Sometimes on the way to your dream,

you get lost and find a better one.

Thursday, February 10, 2011

look at this lot grow!!

This, below, is a female pumpkin flower bud. One of two currently forming on the vine. I'm hoping for more. I have three vines.
According to the seed packet each vine can produce 3 or 4 x 3kg pumpkins. The variety is called Buttercup. (I thought it was Butternut, should have read the packet properly)



As I mentioned in an earlier post, I emailed our local garden guru to find out why my vine was only producing male flowers. Guru said for female flowers to form the runners must be tip pruned.
Aha! There's something I didn't know.
So I went straight outside and cut the tips off each vine.
All the male flowers appear to have died off, so to pollinate the females I'll have to use the pollen I saved in a jar. I hope it's still viable.



Stripey tomatoes!
These are on one of the bushes I bought from the Community Garden. This variety is labelled money maker. To me the tomatoes look very much like the Tigerella ones I grew a few years ago.



This sturdy looking truss is the Yellow Peach variety, also from the Community Garden. At this stage they look like the vine ripened trusses of red tomatoes available in all supermarket and fruit shops. If they turn yellow, I'll be happy. If not, well, I'll still be happy.


The next four pictures are my baby rockmelons.
I spent a lot of time twirling a tiny paintbrush in each flower I could find, in hopes of some of them becoming pollinated.
And it worked!
It's much harder to differentiate between male and female flowers when they're so small, so I didn't bother checking which was which after the first time, I just "painted" every flower.
I think a couple of them got pumpkin pollen, but I'm not concerned.
That might have happened anyway, if the bees had been doing the job.
(I had the brushes in the same jar.)


A fuzzy baby. This picture is upside down, but really, who cares?

Freshly showered.




The biggest one.



The big baby again.


There are quite a few even smaller ones, just fuzzy bumps below the flower yet, and again, lots of yellowed and dead ones.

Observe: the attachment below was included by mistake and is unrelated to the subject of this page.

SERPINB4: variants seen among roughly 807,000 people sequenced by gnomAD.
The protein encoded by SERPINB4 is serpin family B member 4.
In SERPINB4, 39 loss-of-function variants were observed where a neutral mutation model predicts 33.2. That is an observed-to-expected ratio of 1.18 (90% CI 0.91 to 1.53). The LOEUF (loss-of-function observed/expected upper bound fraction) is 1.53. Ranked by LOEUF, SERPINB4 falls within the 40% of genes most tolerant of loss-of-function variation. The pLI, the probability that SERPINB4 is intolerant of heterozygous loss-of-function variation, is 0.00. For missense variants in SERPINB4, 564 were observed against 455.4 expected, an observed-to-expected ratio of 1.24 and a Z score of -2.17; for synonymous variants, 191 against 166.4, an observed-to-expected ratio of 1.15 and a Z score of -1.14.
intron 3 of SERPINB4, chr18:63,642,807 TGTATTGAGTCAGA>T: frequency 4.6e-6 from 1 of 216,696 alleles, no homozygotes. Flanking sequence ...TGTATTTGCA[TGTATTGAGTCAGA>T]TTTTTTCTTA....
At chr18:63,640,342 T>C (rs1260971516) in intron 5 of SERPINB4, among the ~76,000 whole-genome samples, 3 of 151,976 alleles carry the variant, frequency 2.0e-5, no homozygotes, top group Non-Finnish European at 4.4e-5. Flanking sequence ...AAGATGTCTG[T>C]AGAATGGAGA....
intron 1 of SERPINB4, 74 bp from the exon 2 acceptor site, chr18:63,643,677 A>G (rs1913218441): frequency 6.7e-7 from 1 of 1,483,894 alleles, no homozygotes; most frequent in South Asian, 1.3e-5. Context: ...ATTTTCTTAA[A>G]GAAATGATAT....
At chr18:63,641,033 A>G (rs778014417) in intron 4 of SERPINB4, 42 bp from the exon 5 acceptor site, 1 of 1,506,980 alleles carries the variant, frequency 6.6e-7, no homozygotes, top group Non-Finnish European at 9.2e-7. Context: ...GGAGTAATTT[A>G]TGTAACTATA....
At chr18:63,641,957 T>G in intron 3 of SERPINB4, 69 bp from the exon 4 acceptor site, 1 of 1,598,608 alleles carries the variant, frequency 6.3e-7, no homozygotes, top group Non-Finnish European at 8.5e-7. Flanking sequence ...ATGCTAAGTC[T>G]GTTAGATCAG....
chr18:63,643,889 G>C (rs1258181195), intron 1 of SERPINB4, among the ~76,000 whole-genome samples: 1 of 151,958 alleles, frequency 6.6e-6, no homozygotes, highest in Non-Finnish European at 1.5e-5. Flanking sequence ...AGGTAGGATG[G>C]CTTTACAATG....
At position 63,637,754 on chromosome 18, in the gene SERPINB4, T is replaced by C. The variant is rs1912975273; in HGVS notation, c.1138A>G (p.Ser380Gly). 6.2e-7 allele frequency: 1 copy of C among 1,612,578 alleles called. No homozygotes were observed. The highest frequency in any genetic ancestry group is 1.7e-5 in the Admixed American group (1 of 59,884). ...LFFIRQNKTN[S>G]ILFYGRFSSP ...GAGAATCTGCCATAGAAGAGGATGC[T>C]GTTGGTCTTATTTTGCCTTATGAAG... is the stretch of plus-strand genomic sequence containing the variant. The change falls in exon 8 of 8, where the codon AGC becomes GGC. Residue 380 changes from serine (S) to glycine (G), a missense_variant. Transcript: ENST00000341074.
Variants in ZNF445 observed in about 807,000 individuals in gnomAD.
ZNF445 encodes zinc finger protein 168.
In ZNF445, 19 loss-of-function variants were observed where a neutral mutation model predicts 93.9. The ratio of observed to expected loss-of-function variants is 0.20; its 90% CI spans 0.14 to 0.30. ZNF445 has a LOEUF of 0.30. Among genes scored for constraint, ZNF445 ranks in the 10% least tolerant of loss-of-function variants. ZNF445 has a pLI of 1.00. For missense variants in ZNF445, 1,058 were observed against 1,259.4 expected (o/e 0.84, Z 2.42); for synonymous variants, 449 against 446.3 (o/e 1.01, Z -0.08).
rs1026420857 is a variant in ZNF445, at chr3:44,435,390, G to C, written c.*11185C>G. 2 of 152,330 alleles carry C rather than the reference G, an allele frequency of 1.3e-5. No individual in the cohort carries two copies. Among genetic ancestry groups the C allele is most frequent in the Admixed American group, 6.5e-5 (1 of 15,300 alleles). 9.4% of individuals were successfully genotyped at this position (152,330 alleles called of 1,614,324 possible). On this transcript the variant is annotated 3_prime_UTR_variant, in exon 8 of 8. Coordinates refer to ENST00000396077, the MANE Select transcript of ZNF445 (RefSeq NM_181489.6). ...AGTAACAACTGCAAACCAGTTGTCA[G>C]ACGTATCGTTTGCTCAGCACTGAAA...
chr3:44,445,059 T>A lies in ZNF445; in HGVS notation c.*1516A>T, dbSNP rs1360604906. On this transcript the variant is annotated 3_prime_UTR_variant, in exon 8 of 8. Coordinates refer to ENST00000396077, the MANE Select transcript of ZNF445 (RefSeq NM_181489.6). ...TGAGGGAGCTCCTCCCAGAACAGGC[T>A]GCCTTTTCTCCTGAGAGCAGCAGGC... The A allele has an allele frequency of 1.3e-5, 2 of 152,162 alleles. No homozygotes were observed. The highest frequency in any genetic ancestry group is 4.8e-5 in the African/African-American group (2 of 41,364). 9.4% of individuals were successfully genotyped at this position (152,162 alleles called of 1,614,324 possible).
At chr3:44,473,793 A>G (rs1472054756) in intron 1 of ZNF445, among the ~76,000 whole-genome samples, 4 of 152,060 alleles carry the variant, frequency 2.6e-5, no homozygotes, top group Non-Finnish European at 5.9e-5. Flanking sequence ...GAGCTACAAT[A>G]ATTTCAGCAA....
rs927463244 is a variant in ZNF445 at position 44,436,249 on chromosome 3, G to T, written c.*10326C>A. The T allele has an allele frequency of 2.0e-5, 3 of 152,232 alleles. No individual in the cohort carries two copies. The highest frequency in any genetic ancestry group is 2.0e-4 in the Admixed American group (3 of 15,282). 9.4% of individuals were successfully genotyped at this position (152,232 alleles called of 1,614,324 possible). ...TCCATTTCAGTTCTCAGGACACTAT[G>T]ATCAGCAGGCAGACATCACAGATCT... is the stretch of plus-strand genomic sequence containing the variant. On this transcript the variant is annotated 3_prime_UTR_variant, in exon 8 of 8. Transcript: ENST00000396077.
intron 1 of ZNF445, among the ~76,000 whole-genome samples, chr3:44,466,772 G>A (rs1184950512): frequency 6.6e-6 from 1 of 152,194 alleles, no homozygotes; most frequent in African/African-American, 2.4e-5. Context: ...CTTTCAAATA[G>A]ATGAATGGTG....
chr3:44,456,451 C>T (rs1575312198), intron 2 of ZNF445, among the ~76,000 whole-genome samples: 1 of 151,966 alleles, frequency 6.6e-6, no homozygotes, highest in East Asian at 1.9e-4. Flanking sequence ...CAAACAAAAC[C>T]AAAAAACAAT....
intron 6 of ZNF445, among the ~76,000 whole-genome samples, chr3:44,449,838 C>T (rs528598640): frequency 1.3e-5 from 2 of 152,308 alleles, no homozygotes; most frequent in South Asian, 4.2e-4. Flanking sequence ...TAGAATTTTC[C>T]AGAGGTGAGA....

But the maturing ones are making up for the disappointments, and really, how many rockmelons can I eat?
Well, lots, and I was hoping to grow enough to share with my kids. Maybe next time.






9 comments:

  1. Maybe I missed it, but did you get an id on the possible fruit fly?

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  2. these look delicious, and I don't even LIKE rockmelon!

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  3. I'm sitting here with a huge grin on my face thinking, "If anyone overheard me just now, I was saying 'awwwww' at some photos of baby rockmelons!"

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  4. Looks like their are enough tomatoes to make tomato chutney :-).

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  5. Andrew; no I didn't get any id on the bug, just confirmation that it wasn't a fruit fly.

    Toni; these are mini melons. I grew one accidentally years ago, no idea how since I toosed out seeds of a regular melon and the compost pile grew just one tennis ball sized fruit. I was extremely juicy and sweet, that's why I bought these mini melons seeds. Also, homegrown is always fresher than shop bought so tastes nicer.

    Kath; Should I send tissues before I post baby veg photos?

    The Elaphant's Child; thank you.

    Windsmoke; not quite enough, but plenty for salads and sandwiches. My mum used to make chutney and green tomato pickles. I didn't like them then and I'm betting I still wouldn't like them now.

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  6. thank you for sharing the pumkin tip! We had pumpkin vine and all male flowers too.

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  7. So that's why all the pumpkins flowered after hubby mowed the "excess" vine!
    Love how healthy your plants look. :-)

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  8. drb; I wish I'd known much earlier. I've tried to grow pumpkins many times before. Without success.

    Devi; a happy accident for your vines. I made sure not to include too many caterpillar chewed leaves this time.

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